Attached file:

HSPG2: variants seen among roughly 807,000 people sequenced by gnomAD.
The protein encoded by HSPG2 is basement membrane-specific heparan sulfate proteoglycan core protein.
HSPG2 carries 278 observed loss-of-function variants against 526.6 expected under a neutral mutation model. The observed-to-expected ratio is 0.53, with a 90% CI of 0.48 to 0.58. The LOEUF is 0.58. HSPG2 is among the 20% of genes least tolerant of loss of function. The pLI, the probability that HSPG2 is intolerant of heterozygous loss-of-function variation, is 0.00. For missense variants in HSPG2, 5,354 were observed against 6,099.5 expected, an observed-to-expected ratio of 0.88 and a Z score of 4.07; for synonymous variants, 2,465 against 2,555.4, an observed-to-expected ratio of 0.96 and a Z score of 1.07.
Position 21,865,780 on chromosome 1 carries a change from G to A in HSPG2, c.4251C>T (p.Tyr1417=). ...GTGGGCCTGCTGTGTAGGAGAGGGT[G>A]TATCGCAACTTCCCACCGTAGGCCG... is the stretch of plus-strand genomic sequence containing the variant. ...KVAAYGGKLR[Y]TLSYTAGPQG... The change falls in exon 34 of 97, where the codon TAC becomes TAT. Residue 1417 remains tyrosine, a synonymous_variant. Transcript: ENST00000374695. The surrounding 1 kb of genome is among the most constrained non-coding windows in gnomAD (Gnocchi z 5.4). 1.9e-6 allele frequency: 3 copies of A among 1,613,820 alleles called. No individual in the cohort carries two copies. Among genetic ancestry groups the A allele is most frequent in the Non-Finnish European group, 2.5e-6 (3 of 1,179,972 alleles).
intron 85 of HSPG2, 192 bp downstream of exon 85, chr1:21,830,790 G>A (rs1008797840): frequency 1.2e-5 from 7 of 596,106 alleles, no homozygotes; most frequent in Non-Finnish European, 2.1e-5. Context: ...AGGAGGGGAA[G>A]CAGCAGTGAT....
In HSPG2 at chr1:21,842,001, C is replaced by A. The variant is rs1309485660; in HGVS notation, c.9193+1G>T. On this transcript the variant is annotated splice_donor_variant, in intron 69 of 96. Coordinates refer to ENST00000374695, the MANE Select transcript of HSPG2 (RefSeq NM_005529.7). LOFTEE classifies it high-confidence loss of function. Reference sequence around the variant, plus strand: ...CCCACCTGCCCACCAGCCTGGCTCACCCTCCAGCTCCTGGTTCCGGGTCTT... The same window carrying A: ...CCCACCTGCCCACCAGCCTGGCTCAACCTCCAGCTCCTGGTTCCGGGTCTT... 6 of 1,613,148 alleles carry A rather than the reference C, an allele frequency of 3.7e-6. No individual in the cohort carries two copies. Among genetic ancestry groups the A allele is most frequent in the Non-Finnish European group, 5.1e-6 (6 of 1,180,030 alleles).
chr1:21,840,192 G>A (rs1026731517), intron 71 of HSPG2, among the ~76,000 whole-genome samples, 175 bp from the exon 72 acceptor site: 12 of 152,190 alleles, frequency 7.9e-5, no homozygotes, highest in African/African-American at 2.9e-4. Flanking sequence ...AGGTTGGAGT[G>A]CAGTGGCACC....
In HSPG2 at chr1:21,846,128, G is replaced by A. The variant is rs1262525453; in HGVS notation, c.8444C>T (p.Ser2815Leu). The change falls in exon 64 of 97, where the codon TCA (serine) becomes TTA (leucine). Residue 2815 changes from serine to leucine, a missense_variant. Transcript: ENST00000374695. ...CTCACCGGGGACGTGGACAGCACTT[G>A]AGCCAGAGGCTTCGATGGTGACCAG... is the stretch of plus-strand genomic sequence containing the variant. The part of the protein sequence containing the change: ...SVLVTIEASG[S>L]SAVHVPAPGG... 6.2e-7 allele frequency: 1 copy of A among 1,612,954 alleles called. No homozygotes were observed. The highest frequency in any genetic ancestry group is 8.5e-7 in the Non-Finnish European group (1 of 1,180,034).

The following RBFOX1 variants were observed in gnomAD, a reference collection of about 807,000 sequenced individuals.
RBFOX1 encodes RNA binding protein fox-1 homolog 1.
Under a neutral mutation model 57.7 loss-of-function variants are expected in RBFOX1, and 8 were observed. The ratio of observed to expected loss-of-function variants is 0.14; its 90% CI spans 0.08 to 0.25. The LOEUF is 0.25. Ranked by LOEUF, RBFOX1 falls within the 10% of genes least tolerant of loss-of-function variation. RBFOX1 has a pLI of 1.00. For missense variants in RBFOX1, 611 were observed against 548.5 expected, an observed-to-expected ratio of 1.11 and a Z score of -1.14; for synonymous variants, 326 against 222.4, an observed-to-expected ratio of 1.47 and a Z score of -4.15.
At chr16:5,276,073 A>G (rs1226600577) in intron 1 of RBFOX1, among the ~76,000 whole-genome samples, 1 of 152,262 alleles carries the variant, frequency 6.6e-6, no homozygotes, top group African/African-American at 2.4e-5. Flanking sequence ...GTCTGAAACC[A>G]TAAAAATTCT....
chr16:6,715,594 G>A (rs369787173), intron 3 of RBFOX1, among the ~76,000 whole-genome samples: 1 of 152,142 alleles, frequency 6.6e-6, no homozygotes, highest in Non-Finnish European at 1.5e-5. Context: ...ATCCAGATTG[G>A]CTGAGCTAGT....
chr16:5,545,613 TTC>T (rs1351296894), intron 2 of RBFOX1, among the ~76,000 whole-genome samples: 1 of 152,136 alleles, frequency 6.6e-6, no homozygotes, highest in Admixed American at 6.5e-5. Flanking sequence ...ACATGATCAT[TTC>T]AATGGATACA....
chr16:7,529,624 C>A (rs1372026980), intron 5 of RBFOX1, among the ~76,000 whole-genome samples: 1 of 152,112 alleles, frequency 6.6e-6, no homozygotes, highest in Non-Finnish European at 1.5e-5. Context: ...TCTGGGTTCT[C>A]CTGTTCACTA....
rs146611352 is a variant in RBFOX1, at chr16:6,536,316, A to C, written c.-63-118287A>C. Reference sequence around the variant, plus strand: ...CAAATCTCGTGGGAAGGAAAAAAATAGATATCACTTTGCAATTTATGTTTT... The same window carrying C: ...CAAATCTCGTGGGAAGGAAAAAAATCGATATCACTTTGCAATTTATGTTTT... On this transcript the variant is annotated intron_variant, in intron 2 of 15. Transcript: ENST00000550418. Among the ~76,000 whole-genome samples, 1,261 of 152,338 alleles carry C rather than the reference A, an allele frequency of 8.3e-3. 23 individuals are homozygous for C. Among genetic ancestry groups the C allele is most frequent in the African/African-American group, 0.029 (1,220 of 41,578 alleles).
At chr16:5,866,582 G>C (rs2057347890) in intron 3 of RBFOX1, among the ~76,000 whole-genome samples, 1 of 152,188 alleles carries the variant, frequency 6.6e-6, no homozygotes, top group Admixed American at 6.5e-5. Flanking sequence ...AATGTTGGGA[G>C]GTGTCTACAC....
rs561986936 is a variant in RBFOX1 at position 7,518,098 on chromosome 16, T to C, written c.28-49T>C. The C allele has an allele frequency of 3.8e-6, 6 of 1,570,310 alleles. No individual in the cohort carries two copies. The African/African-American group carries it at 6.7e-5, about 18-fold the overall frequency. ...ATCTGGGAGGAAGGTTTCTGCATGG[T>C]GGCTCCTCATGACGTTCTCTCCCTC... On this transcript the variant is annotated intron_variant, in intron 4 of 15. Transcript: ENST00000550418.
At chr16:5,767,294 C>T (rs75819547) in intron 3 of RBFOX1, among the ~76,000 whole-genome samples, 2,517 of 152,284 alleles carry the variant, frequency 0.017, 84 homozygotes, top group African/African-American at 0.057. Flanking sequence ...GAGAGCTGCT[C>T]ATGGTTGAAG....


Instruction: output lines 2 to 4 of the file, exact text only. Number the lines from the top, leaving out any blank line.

The protein encoded by HSPG2 is basement membrane-specific heparan sulfate proteoglycan core protein.
HSPG2 carries 278 observed loss-of-function variants against 526.6 expected under a neutral mutation model. The observed-to-expected ratio is 0.53, with a 90% CI of 0.48 to 0.58. The LOEUF is 0.58. HSPG2 is among the 20% of genes least tolerant of loss of function. The pLI, the probability that HSPG2 is intolerant of heterozygous loss-of-function variation, is 0.00. For missense variants in HSPG2, 5,354 were observed against 6,099.5 expected, an observed-to-expected ratio of 0.88 and a Z score of 4.07; for synonymous variants, 2,465 against 2,555.4, an observed-to-expected ratio of 0.96 and a Z score of 1.07.
Position 21,865,780 on chromosome 1 carries a change from G to A in HSPG2, c.4251C>T (p.Tyr1417=). ...GTGGGCCTGCTGTGTAGGAGAGGGT[G>A]TATCGCAACTTCCCACCGTAGGCCG... is the stretch of plus-strand genomic sequence containing the variant. ...KVAAYGGKLR[Y]TLSYTAGPQG... The change falls in exon 34 of 97, where the codon TAC becomes TAT. Residue 1417 remains tyrosine, a synonymous_variant. Transcript: ENST00000374695. The surrounding 1 kb of genome is among the most constrained non-coding windows in gnomAD (Gnocchi z 5.4). 1.9e-6 allele frequency: 3 copies of A among 1,613,820 alleles called. No individual in the cohort carries two copies. Among genetic ancestry groups the A allele is most frequent in the Non-Finnish European group, 2.5e-6 (3 of 1,179,972 alleles).